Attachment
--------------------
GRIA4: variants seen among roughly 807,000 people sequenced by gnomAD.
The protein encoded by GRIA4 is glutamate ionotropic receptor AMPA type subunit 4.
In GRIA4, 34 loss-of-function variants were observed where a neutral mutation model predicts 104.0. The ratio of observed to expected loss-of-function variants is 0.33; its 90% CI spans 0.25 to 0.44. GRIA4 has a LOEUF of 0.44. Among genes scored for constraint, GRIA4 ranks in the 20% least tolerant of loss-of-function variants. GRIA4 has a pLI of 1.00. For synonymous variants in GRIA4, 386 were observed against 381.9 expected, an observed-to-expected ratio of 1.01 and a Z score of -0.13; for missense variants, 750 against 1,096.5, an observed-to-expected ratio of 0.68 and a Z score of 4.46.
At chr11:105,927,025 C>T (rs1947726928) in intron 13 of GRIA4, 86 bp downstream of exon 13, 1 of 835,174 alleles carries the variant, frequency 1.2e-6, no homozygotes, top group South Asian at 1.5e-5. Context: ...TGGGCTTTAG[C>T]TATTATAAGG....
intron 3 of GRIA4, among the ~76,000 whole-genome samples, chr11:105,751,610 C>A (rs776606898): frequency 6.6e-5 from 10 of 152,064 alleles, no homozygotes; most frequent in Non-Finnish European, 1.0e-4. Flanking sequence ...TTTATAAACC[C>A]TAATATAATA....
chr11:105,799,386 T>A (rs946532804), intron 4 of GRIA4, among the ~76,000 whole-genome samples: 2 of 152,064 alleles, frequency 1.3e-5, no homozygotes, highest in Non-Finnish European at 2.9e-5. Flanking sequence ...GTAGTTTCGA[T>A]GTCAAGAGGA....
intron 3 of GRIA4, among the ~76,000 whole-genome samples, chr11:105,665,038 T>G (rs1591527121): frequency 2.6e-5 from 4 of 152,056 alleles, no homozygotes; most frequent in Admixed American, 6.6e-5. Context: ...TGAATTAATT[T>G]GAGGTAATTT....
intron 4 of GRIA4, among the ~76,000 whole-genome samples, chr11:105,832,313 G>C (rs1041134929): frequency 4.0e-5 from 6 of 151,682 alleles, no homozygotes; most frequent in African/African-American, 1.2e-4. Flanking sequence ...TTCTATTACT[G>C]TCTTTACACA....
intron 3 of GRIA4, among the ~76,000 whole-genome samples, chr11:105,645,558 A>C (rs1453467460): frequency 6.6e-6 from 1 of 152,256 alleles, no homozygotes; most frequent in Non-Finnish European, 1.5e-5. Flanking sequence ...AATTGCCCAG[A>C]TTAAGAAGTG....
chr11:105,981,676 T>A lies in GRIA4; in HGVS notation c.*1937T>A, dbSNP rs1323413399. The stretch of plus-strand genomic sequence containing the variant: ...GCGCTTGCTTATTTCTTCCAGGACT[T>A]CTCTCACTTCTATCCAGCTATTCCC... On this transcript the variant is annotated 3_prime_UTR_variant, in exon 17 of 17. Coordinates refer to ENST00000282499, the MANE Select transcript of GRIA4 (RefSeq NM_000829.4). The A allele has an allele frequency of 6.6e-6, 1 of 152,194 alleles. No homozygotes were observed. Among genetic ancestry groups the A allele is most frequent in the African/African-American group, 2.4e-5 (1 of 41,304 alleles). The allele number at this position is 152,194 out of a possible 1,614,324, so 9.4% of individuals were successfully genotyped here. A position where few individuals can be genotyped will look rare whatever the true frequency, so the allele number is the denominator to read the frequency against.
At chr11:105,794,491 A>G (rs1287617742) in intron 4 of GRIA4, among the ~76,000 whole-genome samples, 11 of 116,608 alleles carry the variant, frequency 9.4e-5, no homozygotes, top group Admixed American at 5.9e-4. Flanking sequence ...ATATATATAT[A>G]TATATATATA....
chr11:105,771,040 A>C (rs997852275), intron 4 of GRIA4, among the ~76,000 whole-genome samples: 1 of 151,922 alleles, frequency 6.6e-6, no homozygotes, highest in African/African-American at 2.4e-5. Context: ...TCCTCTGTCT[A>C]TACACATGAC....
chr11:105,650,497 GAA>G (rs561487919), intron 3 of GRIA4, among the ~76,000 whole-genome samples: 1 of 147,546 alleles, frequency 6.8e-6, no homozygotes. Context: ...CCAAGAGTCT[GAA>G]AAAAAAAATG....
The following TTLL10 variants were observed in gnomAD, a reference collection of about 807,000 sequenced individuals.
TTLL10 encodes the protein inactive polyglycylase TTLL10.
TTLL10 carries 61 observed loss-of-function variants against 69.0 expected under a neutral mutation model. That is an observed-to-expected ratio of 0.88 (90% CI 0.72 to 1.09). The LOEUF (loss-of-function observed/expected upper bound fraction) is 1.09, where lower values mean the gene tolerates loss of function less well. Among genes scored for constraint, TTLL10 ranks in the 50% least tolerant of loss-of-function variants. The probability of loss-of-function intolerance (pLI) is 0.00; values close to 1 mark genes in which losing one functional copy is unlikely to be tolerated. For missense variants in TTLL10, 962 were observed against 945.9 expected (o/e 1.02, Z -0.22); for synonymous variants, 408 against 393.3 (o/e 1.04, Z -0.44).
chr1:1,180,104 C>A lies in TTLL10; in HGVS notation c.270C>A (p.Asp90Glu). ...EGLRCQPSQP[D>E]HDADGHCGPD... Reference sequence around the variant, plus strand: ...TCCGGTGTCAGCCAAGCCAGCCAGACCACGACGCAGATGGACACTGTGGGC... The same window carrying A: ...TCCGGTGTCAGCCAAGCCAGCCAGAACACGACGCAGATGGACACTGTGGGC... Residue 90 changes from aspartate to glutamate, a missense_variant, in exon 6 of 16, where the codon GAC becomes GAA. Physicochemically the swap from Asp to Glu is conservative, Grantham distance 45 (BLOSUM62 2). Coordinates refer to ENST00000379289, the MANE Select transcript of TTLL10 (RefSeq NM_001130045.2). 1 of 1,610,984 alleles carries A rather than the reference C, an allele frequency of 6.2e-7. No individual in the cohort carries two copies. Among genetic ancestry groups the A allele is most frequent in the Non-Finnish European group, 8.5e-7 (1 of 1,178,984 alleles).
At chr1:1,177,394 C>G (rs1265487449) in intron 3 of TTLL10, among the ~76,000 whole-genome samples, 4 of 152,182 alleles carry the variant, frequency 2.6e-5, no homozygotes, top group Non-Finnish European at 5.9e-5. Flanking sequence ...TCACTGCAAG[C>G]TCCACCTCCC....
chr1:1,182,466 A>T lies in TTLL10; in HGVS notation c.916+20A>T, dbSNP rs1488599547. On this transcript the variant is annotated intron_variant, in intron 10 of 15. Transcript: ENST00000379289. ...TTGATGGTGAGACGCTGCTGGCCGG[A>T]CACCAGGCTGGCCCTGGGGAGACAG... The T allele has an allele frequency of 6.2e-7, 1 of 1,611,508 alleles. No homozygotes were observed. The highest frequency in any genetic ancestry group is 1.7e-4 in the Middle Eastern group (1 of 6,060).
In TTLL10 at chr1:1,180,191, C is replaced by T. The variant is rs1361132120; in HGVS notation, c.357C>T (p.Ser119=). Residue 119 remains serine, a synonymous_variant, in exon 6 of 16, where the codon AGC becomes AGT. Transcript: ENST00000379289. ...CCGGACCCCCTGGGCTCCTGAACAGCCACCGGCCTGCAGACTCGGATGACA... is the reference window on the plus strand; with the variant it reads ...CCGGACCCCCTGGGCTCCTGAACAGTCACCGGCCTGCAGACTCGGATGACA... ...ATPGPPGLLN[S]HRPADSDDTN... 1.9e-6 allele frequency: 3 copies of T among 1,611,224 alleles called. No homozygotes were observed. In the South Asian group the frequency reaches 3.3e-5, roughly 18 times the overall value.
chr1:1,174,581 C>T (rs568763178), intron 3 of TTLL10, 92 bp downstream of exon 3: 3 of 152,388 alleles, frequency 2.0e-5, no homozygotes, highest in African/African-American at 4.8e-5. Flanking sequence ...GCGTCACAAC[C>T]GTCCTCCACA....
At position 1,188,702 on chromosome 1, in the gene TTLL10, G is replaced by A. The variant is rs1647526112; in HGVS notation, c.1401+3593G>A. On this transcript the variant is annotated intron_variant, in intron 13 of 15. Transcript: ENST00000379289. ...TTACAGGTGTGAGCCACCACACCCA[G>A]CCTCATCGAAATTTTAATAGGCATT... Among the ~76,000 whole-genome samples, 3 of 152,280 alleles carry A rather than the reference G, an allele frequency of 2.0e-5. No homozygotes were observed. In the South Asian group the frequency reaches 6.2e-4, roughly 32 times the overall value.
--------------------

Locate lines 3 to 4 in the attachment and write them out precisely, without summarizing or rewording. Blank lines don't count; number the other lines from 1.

In GRIA4, 34 loss-of-function variants were observed where a neutral mutation model predicts 104.0. The ratio of observed to expected loss-of-function variants is 0.33; its 90% CI spans 0.25 to 0.44. GRIA4 has a LOEUF of 0.44. Among genes scored for constraint, GRIA4 ranks in the 20% least tolerant of loss-of-function variants. GRIA4 has a pLI of 1.00. For synonymous variants in GRIA4, 386 were observed against 381.9 expected, an observed-to-expected ratio of 1.01 and a Z score of -0.13; for missense variants, 750 against 1,096.5, an observed-to-expected ratio of 0.68 and a Z score of 4.46.
At chr11:105,927,025 C>T (rs1947726928) in intron 13 of GRIA4, 86 bp downstream of exon 13, 1 of 835,174 alleles carries the variant, frequency 1.2e-6, no homozygotes, top group South Asian at 1.5e-5. Context: ...TGGGCTTTAG[C>T]TATTATAAGG....